Genre: Folktronic, Trip Hop, Ambient Techno
I got this email earlier in the week. Some good submissions from a pretty nice guy, making music and going to college in San Francisco. Here is his interview.
Jumbly Music: It's nice to meet you. How are you doing?
Rabbit Hole Revelations: I'm doing pretty swell. I was supposed to fly into San Francisco today but there was a huge plane crash! At first it was thought that everyone on board was okay but now I'm hearing that there have been two deaths. Either way, my thoughts go out to those involved.
Jumbly: A heart of gold in you sir. So, whats your back story?
RHR: My back story! I feel like a superhero, haha...I've had a pretty normal upbringing. I've lived most of my life in southern California but recently moved to the northern Cali which has been a blessing for my life and music. The scene up here is awesome, so much great stuff coming out of these parts. I've spent a lot of time in the past few years going to school, making music, involving myself in activism, living in communes and hitchhiking around the state. Not much to complain about.
Jumbly: That commune living always seems like it could be an interesting thing to try, as long as it doesn't start getting creepy. Where are you from?
RHR: All over. I was originally born in Paraguay, South America and moved to San Diego, California when I was 7 years old. A few years ago I decided to make San Francisco my home.
Jumbly: Do you find it influences your style and your music much?
RHR: My move to San Francisco seems to have made my music take a turn for the darker. The city is a cold, gritty animal!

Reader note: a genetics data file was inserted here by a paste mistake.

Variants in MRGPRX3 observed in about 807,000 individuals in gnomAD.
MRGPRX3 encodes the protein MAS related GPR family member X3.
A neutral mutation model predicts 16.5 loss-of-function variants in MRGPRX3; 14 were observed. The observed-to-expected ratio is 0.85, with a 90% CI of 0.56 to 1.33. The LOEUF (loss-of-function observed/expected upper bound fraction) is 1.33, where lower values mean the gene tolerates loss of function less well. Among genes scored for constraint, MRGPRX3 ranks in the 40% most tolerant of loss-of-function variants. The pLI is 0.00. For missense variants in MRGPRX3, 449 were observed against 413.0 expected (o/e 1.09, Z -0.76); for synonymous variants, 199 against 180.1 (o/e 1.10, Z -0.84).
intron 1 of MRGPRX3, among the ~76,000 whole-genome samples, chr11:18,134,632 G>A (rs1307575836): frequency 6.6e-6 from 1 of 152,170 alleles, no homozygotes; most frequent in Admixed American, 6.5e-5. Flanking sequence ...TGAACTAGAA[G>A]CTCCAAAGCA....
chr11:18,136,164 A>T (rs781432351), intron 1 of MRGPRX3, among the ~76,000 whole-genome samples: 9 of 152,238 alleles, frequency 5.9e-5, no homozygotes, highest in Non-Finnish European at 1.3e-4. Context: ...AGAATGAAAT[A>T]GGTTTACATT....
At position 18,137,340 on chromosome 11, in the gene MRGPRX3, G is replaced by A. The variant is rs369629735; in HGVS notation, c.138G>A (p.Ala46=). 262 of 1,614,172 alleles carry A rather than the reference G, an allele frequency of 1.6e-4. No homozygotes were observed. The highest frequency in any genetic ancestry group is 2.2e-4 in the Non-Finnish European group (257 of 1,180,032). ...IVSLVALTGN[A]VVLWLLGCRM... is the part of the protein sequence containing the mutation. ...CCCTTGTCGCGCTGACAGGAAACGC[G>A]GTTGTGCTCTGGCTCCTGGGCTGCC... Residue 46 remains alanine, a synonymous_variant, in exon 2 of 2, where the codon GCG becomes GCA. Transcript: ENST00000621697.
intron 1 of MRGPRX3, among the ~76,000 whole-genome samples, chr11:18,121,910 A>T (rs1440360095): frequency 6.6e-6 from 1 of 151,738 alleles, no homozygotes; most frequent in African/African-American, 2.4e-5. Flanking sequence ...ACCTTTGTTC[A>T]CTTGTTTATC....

Jumbly: Who makes your album art?
RHR: I'm blessed to have a lot of great artists around me who are always willing to draw something up for me. My brother made the cover for LP and my friend Resham did for Songs For Broken Ears. They're both ridiculously good artists.
Jumbly: The art does fit with the music pretty well. Do you tour much? Ever doing a tour through the US?
RHR: I've played a few shows here and there but I'm broke as fuck, so I'm currently trying to acquire decent enough equipment to be able to produce a more visual and interactive live show. A tour would be amazing but being a university student leaves little time to even compose music sometimes.
Jumbly: I know plenty of people who have just made up the cash to do a short trip via car and couchsurfing. One group even picked up teeshirts from thrift stores on the road and screen printed them to sell before shows. Maybe you could try it that way.
What way do you think is best to enjoy your music? Would you consider it good date music, driving music, chillout music, etc?
RHR: People have told me it is good music to do drugs to, haha. My friend says she was saved from a bad trip by listening to one of my songs. I think it suits late-night driving through a big, lit-up city.
Jumbly: What would you say is your favorite thing you've done? What is you biggest failure, or least enjoyable thing you've done?
RHR: I love working with new musicians I meet online, especially on /mu/. The last thing I did was a song was a track called Lwaxana with this awesome female artist A Problem Like Maria. You can listen to that shit here: https://soundcloud.com/aplmaria/a-problem-like-maria-lwaxana.
All of the music I've made has been enjoyable, but my least favorite thing that still embarrasses me to this day is my first demo, Music for Psychonauts, which you can probably find if you dig around online.
Jumbly: I found it on LastFM. I can see your point of view, but I didn't hate it.
Do you like giving away your music for free? Do you hope to continue or would you rather move to a pay system?